http://farm8.staticflickr.com/7173/6703974579_25e2061ef2_z.jpg (http://www.flickr.com/photos/spirituscanis/6703974579/)

http://farm8.staticflickr.com/7152/6703973361_e80210b67c_z.jpg (http://www.flickr.com/photos/spirituscanis/6703973361/)

While I was practicing fire-making skills, one of my friends went looking for quail, but came back a half-hour later and reported nothing stirring, at which point we pretty much resigned ourselves to hanging out in camp, sipping beer and enjoying the fire.

By this time I was getting pretty hungry, so I decided to put my dinner together: chicken sausage with scallions, mushrooms & jalapeņo which I wrapped in foil and tossed on the coals.
http://farm8.staticflickr.com/7170/6703970479_9248d33170_z.jpg (http://www.flickr.com/photos/spirituscanis/6703970479/)

I love to cook this way.
http://farm8.staticflickr.com/7158/6703969009_9888c0edd6_z.jpg (http://www.flickr.com/photos/spirituscanis/6703969009/)

And right then, the quail started calling, right on the edge of our camp. The sun had just dipped below the horizon and there was still a bit of twilight left, so everyone but me scrambled for their guns and went stalking into the brush. Almost immediately I heard M take a shot off to the left, followed by S taking a shot off to to right. Each had a bird. Then I heard some low calling from a tree-sized wolfberry bush about 30 yards from camp, so I grabbed my gun from the truck and as I approached, two birds flushed on the other side where I had no shot. After that all was quiet, and I feared my food was burning on the coals, so I went back to camp to tend my dinner.

And it was good.
http://farm8.staticflickr.com/7026/6703963385_2bf39fb197_z.jpg (http://www.flickr.com/photos/spirituscanis/6703963385/)

There was no more shooting, and everyone wandered back in, amazed at how quickly the covey had scattered into the hills. Then they started over-admiring my sandwich. I told them how delicious it was and how they could all go to... make their own dinner ;)

After eating, I set out my sleeping bag and settled into my chair to enjoy the fire and a few cold beers.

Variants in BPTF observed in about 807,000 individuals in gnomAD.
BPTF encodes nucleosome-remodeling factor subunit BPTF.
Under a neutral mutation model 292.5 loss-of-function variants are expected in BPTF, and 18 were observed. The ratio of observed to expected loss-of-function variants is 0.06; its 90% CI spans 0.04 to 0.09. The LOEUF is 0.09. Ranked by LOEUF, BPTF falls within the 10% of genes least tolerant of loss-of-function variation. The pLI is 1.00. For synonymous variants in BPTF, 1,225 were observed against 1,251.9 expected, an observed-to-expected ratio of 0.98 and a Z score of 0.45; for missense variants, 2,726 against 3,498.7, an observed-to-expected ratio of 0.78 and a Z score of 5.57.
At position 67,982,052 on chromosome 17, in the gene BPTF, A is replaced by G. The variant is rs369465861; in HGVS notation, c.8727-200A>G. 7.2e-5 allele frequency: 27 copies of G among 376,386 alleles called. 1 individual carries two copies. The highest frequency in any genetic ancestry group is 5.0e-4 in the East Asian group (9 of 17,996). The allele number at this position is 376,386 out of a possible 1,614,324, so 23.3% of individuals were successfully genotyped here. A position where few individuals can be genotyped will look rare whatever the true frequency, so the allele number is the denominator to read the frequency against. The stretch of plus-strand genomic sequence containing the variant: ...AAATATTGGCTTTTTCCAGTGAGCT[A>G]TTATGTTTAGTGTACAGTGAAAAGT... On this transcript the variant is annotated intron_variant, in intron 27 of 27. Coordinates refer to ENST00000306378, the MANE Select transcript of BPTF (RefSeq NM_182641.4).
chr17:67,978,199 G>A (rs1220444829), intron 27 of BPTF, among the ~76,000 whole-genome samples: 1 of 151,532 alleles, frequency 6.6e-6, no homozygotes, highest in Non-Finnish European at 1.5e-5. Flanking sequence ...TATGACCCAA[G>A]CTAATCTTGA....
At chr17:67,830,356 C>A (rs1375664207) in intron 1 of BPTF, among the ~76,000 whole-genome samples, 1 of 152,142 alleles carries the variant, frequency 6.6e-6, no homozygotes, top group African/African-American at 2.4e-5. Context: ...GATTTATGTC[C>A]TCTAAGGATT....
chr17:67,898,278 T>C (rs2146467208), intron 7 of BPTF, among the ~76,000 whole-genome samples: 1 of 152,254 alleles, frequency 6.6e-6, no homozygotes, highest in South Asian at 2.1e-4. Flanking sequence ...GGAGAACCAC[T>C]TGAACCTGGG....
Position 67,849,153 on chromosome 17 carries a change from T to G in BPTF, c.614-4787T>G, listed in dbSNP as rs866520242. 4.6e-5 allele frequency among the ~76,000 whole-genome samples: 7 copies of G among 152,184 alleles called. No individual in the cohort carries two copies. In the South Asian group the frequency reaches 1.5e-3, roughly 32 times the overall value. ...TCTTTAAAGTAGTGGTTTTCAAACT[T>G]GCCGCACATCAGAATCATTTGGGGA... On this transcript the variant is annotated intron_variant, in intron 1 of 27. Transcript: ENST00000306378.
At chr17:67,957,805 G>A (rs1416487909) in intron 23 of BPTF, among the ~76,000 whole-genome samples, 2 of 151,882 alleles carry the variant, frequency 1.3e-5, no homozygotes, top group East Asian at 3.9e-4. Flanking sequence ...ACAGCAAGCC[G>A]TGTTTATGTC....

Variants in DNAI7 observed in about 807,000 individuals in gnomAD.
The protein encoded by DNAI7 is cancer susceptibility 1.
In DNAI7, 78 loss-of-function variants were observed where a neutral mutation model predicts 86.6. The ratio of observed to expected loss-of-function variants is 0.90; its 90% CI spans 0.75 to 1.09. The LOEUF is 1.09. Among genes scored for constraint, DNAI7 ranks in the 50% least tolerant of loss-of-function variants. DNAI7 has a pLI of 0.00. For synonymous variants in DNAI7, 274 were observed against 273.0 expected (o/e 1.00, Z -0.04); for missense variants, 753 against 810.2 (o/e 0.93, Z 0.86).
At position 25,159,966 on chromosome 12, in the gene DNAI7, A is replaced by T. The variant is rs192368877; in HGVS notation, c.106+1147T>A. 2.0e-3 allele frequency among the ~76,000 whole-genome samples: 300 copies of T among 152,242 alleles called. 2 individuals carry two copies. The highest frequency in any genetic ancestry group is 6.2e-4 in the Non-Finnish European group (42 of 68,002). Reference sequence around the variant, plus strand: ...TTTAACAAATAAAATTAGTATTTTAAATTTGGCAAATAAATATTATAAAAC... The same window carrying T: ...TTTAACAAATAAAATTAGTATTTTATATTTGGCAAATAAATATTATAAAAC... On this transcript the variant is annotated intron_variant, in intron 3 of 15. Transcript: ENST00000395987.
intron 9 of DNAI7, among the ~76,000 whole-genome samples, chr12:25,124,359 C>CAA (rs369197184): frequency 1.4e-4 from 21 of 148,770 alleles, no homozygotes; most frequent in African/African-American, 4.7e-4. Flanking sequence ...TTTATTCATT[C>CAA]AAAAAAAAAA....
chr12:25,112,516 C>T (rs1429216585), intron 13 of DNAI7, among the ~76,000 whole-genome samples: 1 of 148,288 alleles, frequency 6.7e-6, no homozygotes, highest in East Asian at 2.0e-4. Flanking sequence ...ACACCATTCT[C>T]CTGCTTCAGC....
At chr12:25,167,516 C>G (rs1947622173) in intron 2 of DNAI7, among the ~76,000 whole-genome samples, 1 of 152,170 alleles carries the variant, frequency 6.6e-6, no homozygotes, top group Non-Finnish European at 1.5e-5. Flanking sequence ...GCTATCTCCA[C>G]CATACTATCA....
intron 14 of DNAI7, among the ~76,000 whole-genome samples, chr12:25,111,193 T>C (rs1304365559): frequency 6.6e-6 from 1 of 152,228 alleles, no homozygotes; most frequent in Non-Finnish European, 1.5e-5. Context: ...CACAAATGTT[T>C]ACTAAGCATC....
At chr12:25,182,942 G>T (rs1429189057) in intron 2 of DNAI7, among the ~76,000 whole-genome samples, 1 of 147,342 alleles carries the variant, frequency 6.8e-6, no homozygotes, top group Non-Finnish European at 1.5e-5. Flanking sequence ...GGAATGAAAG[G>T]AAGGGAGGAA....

http://farm8.staticflickr.com/7148/6703966697_c5a6faaea2_z.jpg (http://www.flickr.com/photos/spirituscanis/6703966697/)

http://farm8.staticflickr.com/7150/6703964389_cf22e51eda_z.jpg (http://www.flickr.com/photos/spirituscanis/6703964389/)

I woke up about an hour before dawn to a light, spitting rain that lasted just 5 or 10 minutes. It wasn't wet enough to fret over, so I just folded my tarp over me and tried to go back to sleep, but I ended up getting restless & got up about a half-hour later to make coffee. P was also up, and we had our coffee brewed just as it started to get light.

And as I took my first sip, the quail started calling. So a-scrambling we did go again, into the brush. P was a ways off to my right when I heard a bang. I continued on to the left, heading up the wash. The first birds I found had already fled up a small side gully with steep, gravelly slopes, and then flew over the hill when I came into view. I didn't hear any more calling then, so I backtracked to the adjacent side gully in the direction the birds had gone. This gully was much larger, so I thought I'd better get to some high ground to have a better look around. So I headed up the spine of the closest, walkable slope out of the gully. As I was nearing the top of the slope, I saw a single bird fly across the spine and down through the bushes toward the far slope where it disappeared again. I hiked another 30 feet up and then happened to look to the right just as the same bird started to fly up the farther slope and then... BANG! I finally had a bird. I collected it and thanked its spirit, then slowly made my way back down to the wash. All was quiet now, and eventually everyone else turned up. M and P had each gotten a rabbit. And I had the only bird of the morning.